DISCUSSION

The non-occlusal intraoral appliance has some advantages over splints, it does not require frequent adjustment, it is easier to use and does not compromise the occlusion. A non-occlusal intraoral appliance model developed by Minagi et al. was used in this work, which evaluated the effects of the thickness of an intraoral palatal appliance to relieve symptoms of muscular TMD, and intended to show how the thickness of an intraoral appliance designed to fill the concavity of the palate may interfere with treatment outcome. Other studies suggest that treatment with the thick intraoral appliance is possibly a more effective method for an initial improvement in muscle symptoms and can result in an improved quality of life of patients with TMD. The thickness of the palatal plate seems to be an important factor to obtain the desired clinical effect.

When used in patients with normal palate the result of the device was satisfactory, however, by the device is completely filled with resin, and in patients with deep palate there would certainly be uncomfortable due to weight. Modifying the technique to make this intraoral appliance, we were able to considerably reduce the weight (up to 38%) and hence the discomfort of these patients.

Assessing the level of discomfort in the use of non occlusal intraoral appliance during sleep for 30 consecutive days in patients with muscular TMD, we found that 100% reported no injury to the tongue, 77% reported no nausea, 66% did not complain of drooling, 73.33% had no difficulty breathing and, 83.33% had no change in sleep.

The average time to adapt to the unit was 4 days, up to 15 days. Of all the patients, 23.33% had no difficulty in adapting to the appliance, with immediate acceptance.

The gradual reduction in the intensity of myofascial pain and discomfort, as well as improving the quality of life in 78.3% of the sample confirmed the effectiveness of non-occlusal intraoral appliance in relieving the painful symptoms of muscular TMD. The relief of symptoms with the use of the device found by thick palatal Minagi et al. was 77.6%. Greene & Laskin used in their research, non-occlusal intraoral appliance as a placebo and found a 40% improvement. According to the authors, the reasons for success with non-occlusal appliance are due not only to the psychological effects, but also the change of habitual neuromuscular patterns within the chewing muscles, and invasion of space available for the tongue taking a reflex fall of position mandibular rest. Observing EMG patterns, Hasegawa et al. related that the thick palatal appliance has an active effect on suppression of masseter muscle activity.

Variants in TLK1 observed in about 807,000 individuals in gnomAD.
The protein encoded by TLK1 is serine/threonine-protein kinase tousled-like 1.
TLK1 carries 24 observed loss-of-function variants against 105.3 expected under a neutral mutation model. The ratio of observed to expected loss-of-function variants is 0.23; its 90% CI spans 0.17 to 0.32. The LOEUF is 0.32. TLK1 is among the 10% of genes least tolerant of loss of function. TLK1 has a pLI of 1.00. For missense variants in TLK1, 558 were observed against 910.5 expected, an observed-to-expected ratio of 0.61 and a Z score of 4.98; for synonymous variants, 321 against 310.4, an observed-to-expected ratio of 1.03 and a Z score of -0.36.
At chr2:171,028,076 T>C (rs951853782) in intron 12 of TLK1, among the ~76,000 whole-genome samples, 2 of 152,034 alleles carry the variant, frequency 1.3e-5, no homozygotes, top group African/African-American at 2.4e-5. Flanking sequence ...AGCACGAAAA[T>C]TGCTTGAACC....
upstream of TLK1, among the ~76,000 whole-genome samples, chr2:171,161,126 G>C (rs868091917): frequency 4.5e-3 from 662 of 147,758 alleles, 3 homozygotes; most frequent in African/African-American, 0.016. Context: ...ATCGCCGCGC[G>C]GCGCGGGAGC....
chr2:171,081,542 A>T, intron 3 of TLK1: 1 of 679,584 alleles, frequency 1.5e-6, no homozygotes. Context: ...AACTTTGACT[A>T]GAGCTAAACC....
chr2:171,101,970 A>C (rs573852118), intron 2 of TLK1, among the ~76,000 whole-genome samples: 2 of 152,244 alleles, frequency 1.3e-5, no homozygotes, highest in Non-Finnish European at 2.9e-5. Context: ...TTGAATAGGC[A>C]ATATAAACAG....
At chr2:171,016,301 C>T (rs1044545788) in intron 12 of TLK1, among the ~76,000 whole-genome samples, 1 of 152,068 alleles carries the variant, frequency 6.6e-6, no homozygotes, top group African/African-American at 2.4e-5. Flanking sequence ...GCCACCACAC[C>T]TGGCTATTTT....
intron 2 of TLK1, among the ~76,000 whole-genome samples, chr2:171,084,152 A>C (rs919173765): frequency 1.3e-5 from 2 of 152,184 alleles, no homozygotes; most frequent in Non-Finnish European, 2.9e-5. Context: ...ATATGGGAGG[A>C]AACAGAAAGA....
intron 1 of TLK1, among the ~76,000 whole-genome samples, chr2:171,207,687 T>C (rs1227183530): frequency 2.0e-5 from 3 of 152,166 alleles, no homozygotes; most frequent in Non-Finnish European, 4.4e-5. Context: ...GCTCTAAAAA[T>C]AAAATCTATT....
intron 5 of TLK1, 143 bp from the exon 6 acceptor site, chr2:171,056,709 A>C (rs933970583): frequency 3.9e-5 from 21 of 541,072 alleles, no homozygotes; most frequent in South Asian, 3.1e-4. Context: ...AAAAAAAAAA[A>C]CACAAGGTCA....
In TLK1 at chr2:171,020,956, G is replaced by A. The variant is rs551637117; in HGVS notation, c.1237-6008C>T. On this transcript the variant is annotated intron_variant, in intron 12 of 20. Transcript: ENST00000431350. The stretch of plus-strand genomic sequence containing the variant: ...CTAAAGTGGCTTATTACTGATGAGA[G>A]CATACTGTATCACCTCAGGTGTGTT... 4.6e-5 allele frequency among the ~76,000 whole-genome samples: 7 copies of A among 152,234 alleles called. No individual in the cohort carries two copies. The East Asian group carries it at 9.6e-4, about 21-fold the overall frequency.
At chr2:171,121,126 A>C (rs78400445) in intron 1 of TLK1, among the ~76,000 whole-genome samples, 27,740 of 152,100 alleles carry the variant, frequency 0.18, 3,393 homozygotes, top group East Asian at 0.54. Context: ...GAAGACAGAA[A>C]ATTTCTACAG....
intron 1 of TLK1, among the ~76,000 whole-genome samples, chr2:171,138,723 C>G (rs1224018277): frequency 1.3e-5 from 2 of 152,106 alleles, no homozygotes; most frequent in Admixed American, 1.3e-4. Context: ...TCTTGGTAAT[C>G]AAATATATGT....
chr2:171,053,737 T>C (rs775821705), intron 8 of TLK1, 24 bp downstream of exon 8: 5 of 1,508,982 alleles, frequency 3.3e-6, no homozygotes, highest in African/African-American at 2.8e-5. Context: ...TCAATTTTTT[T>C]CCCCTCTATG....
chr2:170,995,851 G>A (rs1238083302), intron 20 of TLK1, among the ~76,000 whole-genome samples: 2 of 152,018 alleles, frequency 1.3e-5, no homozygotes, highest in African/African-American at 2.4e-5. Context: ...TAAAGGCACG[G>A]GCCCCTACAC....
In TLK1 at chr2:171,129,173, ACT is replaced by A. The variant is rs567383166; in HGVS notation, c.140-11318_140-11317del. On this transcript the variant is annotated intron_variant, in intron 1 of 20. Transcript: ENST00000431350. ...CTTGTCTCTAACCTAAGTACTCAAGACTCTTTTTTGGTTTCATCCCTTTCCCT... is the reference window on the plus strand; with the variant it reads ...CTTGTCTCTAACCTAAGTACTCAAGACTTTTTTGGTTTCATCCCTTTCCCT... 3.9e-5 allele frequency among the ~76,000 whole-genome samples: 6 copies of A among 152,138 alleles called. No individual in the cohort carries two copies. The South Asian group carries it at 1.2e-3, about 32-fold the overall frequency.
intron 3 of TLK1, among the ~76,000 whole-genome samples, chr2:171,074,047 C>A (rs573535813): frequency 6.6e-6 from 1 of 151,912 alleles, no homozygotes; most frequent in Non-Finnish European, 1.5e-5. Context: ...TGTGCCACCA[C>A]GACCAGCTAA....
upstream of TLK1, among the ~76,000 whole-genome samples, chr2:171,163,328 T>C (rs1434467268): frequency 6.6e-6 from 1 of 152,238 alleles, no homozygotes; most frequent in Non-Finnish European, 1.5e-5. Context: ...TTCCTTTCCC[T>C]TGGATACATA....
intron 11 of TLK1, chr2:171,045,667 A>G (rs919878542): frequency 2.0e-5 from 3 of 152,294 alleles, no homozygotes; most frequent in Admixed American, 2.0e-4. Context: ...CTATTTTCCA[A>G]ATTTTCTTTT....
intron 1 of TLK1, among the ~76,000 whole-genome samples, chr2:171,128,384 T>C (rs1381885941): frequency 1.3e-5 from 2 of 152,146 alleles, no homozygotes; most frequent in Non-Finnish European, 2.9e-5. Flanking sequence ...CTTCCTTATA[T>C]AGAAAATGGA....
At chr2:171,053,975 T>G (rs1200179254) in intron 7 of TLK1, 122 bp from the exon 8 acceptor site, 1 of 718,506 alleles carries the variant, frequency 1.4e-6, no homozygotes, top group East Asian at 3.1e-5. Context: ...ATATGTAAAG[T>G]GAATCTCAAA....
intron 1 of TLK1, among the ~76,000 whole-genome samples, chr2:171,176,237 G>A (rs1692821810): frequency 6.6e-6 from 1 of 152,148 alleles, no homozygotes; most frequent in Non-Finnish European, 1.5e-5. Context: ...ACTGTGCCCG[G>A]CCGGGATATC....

In our study, considering the scale of 0 to 100% for the subjective perception of improvement, was observed that in 10% of patients the intensity of improvement was <70%, to 63% of them, it was 70% to 85% and for the remaining 27%, it was> 85%. Applying the qui-square test, it was found that the perception of improvement was independent of the chewing muscle affected, because there was no significant difference (p = 0.855) among patients with TMD in the region of the masseter and those who presented TMD in the region of the masseter and temporalis muscles.

Based on the assumption previously related by Minagi et al. supported by our research, that the thick palatal appliance seems to have more satisfactory results in patients with dental arch wider than those with narrower dental arch, later studies can be made. Would be interesting to see if palates in deep, shallow or no difference in average mean relief of symptoms of muscular TMD using the thick palatal appliance.

ACKNOWLEDGMENTS

The authors express their sincere thanks to Silvia Cristina Borragini Abuchaim, biomedical, for the scientific review of this article; Dr. Maria Imaculada de Lima Montebelo, PhD in Biostatistics Applied to Agronomy and Biostatistics Professor at Methodist University of Piracicaba, by statistical analysis.

 

REFERENCES

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Greene, C. S. & Laskin, D. M. Splint therapy for the myofacial pain-dysfunction (MPD) syndrome: a comparative study. J. Am. Dent. Assoc., 84(3):624-8, 1972.         [ Links ]

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Correspondence to:

Prof. Dr. Antônio Sérgio Guimarães

Instituto da Cabeça
Universidade Federal de São Paulo
Escola Paulista de Medicina
São Paulo
BRAZIL

Email: drsuazo2000@yahoo.es

Received: 25-02-2012
Accepted: 12-08-2013